Furniture Styles

Furniture > American > Rustic > Adirondack > Lodges

Adirondack Lodge

The name used for this method of constructing buildings comes from the old-time Adirondack lean-to camp which was usually built of a framework of poles and covered with bark. The buildings as used at the present time have a flat roof with a slope to the rear, the back being closed with a low wall and the front more or less open and protected by glass and sash or canvas curtains.

The next group stands out clearly as a type in the large bungalow family. It is represented by the Adirondack lodge or the summer home in the Catskills, where almost invariably the material used for the walls is whole logs, and where the building is rather elaborate in its plan and equipment. Frequently there are many buildings in the establishment, connected by covered passageways. The larger examples of the type are far better known and more accessible than the smaller ones, largely for the reason that they have become almost a fad with many wealthy city men who want some sort of a retreat in the woods where they can entertain as freely as in the city.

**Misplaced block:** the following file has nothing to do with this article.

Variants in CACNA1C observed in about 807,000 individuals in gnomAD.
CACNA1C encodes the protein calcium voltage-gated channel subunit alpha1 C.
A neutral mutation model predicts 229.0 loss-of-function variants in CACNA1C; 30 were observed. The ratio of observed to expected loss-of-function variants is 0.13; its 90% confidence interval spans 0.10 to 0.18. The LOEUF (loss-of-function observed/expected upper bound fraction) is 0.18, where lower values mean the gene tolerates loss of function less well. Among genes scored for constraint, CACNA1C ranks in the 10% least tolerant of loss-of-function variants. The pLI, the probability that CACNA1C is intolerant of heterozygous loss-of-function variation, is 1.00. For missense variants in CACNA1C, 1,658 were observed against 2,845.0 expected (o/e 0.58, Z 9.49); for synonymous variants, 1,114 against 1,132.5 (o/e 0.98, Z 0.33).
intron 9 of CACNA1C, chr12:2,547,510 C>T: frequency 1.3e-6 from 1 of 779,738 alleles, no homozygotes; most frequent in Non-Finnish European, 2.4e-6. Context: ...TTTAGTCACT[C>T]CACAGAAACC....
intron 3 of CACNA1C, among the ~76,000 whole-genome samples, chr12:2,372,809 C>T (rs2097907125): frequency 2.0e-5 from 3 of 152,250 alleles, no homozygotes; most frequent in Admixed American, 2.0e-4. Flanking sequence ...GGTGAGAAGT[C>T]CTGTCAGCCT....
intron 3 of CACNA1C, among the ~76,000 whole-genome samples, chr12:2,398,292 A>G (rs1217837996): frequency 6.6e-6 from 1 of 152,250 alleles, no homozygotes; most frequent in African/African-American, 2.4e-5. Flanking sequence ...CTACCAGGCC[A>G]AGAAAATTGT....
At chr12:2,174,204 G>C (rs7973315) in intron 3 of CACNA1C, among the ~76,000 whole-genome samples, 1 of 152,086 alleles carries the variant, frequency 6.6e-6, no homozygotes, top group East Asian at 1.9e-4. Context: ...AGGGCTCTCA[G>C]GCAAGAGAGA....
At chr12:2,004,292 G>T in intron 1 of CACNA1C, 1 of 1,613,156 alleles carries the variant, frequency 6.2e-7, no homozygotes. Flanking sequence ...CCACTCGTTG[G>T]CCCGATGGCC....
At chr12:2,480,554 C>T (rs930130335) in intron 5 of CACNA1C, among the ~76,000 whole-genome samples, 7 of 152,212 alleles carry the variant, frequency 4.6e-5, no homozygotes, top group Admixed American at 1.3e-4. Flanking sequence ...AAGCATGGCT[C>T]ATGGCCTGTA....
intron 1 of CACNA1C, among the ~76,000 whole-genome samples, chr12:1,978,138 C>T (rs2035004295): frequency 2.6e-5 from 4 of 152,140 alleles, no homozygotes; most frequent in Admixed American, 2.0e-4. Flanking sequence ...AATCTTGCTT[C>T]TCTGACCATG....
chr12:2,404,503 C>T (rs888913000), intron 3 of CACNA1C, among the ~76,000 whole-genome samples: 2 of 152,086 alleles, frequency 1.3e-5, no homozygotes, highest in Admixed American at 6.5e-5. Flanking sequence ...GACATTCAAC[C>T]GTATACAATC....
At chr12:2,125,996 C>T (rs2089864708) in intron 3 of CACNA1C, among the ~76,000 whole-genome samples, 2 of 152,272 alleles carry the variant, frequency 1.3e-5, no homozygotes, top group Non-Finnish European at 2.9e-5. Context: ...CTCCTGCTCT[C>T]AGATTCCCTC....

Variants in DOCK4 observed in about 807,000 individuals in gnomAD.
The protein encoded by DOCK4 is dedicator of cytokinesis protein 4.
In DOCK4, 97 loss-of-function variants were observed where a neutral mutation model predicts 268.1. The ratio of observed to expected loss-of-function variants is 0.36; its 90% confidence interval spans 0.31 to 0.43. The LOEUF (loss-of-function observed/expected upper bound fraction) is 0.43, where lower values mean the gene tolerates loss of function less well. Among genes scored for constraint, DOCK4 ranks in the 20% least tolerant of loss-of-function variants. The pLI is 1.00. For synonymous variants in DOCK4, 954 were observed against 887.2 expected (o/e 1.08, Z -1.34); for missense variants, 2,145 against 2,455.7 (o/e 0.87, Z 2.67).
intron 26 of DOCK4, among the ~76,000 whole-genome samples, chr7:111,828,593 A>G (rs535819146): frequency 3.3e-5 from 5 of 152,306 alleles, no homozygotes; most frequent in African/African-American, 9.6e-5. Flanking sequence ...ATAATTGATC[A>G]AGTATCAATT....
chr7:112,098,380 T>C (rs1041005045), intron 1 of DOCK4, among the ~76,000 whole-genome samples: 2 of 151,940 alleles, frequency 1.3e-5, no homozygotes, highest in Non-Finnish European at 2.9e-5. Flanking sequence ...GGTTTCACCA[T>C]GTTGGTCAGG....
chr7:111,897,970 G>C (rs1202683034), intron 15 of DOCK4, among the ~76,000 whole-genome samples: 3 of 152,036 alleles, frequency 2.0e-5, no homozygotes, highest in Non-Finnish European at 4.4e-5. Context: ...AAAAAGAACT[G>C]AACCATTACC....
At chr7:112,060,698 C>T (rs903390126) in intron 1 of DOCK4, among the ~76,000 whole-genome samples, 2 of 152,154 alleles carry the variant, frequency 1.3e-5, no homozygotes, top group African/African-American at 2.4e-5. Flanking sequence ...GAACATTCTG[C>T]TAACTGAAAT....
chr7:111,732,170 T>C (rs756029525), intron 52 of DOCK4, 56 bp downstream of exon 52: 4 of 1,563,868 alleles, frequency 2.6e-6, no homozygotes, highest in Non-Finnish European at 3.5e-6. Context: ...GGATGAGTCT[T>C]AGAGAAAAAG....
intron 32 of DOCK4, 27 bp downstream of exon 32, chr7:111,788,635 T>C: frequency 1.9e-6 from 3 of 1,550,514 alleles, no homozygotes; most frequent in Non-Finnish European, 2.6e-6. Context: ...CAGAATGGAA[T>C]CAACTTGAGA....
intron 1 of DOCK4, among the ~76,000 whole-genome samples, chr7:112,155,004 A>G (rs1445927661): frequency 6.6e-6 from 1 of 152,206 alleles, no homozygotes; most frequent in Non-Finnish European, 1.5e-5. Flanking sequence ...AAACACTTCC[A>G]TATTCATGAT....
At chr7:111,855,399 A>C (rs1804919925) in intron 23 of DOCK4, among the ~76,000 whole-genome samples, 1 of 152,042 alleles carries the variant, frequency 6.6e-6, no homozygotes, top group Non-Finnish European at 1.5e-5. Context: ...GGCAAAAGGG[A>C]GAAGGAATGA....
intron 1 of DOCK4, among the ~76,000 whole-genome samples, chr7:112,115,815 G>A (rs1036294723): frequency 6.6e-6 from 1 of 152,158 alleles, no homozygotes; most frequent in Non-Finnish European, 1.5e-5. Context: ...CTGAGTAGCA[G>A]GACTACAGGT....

Lodge Decor & Decorating

There is a white grenadine which washes and makes a good thin curtain. There are point d'es-prits, and a material known as fish-net. There are also any number of materials, both plain and figured, ranging in price from six cents a yard to as many dollars. In certain country houses, in young girl's rooms, in the cabins of Adirondack camps, these cheap flowered materials, when good in color, are most effective, especially when ruffled or edged with a fringe of little balls. They may be used at the same time in trimming the bed. You must choose thin, transparent materials, unless, of course, you want complete seclusion, the sense of it which an opaque shade would give you, not only shutting you in, but shutting out the very feeling of the street sometimes a necessity in New York. Generally speaking, these thin curtains should have a large mesh and incline toward the cream tones, unless softened inside. A pure white curtain should not be used in a room where the woodwork is dark and the contrast therefore too strong.









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